Postnatal mental health: Are women getting the support they need?

Posted on September 11, 2015



"I really did not feel like I fitted the box." New research indicates the need for postnatal support that encompasses all mental health issues, not only postnatal depression.

The study, published in Journal of Psychosomatic Obstetrics & Gynecology, examines the postnatal symptoms of distress experienced by women, and the support options they were offered. Rose Coates et al. argue that "Current classification and assessment of postnatal mental health problems may not adequately address the range or combination of emotional distress experienced by mothers." To understand women's own experiences, the team interviewed 17 women, all of whom had a child under one and had experienced a postnatal mental health problem.

Through the interviews, the women reported a number of different postnatal mental health symptoms, with tearfulness and anxiousness the most frequently mentioned. In addition a number of women each reported feeling: stressed, isolated, lonely, angry, low, panicky, frustrated, worried, scared and overthinking. Despite these symptoms of postnatal distress, the women found that they didn't identify with postnatal depression, and many of them were left "bereft of information, advice and support" about other types of distress. The paper notes that "there was a perception that health professionals were focussed on postnatal depression and once it had been ruled out there was no further investigation."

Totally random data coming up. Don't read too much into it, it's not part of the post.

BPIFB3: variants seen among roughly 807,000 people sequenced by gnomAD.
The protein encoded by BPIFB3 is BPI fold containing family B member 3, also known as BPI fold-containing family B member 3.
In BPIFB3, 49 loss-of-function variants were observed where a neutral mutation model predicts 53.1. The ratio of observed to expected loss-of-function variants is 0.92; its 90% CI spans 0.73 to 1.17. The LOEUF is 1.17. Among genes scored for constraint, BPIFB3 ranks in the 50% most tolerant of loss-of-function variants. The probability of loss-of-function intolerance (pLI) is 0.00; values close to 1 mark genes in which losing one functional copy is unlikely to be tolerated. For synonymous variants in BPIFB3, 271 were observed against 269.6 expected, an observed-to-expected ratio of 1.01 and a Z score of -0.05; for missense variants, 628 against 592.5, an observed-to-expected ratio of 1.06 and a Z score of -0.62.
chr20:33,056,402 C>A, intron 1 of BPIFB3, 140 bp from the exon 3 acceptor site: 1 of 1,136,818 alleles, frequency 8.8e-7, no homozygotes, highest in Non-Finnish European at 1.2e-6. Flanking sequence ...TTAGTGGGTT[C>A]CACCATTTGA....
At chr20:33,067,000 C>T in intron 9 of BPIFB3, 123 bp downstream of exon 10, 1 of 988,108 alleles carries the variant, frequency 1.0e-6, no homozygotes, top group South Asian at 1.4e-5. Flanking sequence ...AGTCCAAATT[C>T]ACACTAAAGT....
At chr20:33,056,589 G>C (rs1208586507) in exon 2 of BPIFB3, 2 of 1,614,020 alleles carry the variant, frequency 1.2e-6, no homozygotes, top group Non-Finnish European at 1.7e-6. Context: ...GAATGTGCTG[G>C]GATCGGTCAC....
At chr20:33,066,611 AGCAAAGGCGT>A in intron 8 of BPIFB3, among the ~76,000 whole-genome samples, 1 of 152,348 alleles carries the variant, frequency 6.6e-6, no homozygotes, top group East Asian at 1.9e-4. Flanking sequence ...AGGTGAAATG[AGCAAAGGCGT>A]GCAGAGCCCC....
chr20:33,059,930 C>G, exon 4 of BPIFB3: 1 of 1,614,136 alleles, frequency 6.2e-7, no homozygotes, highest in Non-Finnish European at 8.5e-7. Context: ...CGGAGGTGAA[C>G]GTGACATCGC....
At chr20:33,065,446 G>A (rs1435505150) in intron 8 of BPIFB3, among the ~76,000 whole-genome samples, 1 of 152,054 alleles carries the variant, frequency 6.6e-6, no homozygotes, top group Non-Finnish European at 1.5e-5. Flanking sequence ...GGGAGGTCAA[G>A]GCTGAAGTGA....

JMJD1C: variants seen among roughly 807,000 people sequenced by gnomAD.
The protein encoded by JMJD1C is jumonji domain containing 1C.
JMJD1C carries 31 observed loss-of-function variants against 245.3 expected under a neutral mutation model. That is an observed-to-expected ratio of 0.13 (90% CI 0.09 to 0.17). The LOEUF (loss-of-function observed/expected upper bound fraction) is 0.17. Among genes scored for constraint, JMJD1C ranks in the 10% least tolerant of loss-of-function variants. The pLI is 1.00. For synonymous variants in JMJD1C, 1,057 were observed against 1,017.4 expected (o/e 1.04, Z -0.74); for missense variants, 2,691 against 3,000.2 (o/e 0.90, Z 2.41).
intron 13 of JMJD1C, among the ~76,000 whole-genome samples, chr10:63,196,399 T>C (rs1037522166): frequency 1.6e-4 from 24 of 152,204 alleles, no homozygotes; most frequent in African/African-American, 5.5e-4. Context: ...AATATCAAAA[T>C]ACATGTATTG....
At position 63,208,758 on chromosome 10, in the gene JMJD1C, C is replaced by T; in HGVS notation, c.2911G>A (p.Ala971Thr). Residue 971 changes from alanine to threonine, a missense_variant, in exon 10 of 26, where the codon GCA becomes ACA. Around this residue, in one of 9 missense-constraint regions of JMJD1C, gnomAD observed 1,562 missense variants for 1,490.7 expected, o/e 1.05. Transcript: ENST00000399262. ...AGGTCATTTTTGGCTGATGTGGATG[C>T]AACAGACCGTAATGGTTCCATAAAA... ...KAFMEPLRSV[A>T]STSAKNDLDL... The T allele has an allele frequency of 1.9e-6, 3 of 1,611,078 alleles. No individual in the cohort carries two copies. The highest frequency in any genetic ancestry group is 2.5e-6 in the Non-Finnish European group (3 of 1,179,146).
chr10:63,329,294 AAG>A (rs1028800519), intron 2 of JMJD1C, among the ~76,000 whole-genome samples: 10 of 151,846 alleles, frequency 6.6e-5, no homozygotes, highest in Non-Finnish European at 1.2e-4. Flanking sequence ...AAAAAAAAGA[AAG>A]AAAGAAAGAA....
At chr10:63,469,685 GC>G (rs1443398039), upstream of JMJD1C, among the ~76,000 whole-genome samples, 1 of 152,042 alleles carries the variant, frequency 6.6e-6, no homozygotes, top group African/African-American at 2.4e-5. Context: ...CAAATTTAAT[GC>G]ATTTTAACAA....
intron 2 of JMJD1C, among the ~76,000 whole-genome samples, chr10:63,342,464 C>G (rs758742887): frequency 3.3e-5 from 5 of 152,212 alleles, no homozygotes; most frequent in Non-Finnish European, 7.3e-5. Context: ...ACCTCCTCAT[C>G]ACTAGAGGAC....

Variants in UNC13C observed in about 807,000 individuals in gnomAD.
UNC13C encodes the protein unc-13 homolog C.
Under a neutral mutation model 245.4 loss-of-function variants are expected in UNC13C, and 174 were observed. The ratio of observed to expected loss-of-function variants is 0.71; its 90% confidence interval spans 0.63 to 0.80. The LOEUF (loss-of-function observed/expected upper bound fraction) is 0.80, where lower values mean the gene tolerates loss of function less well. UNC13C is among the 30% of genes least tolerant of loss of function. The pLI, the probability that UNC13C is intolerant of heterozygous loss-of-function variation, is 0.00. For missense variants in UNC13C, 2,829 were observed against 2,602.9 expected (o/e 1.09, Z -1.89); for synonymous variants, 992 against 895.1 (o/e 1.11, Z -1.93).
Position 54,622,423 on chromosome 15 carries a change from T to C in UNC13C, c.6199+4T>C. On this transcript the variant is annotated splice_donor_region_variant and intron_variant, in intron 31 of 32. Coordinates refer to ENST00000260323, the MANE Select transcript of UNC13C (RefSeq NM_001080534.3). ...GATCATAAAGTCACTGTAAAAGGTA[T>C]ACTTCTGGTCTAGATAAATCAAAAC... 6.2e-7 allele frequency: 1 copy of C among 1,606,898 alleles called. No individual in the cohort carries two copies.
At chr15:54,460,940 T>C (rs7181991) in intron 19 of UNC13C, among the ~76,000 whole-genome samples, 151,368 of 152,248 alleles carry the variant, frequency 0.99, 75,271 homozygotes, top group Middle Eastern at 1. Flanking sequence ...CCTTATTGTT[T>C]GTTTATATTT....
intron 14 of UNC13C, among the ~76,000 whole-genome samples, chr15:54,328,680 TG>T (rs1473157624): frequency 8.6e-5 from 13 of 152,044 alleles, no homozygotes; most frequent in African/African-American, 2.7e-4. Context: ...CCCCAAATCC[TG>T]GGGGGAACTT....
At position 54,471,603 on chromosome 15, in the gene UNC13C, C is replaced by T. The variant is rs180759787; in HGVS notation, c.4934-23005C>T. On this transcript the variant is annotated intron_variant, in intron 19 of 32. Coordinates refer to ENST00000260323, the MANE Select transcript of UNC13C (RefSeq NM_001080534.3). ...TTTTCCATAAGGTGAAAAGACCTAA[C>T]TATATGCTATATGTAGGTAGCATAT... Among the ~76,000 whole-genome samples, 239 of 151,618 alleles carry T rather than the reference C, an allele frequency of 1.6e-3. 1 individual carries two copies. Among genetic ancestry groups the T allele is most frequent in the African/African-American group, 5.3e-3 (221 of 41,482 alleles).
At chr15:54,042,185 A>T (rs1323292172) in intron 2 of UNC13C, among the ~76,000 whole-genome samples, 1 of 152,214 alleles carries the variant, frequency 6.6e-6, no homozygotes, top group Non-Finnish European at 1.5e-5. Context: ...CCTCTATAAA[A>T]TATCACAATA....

At the time of their distress some of the women had been assessed for postnatal depression by health care professionals through answering a questionnaire. This paper questions whether this alone is really sufficient to identify distress, and suggests that alternative methods of assessment would be conducive to identifying and supporting women with a number of different postnatal mental health issues. The authors conclude that "Identification and recognition of symptoms and disorders beyond postnatal depression needs to be improved, through evaluating different approaches to assessment and their acceptability to women."

To read the original article, please click on the link below.


Category(s):Complex PTSD, Mental Health in Asia, Post Traumatic Stress Disorder (PTSD) / Trauma / Complex PTSD, Pregnancy & Birthing

Source material from Medical News Today


Mental Health News

  • Self-Compassion leads to Happiness

    newsthumbThis article talks about how being compassionate towards the self, alleviates chronic pain and eventually encourages activeness and a happier life.

  • Solitude versus Loneliness

    newsthumbBeing alone should not be misunderstood for loneliness. Being alone does not necessarily mean one is lonely in fact, having some alone time is ...

  • Understanding a Controlling Partner

    newsthumbOne of the reasons why relationships fail or get torn apart, is due to the constant struggle for control between couples. This article talks about ...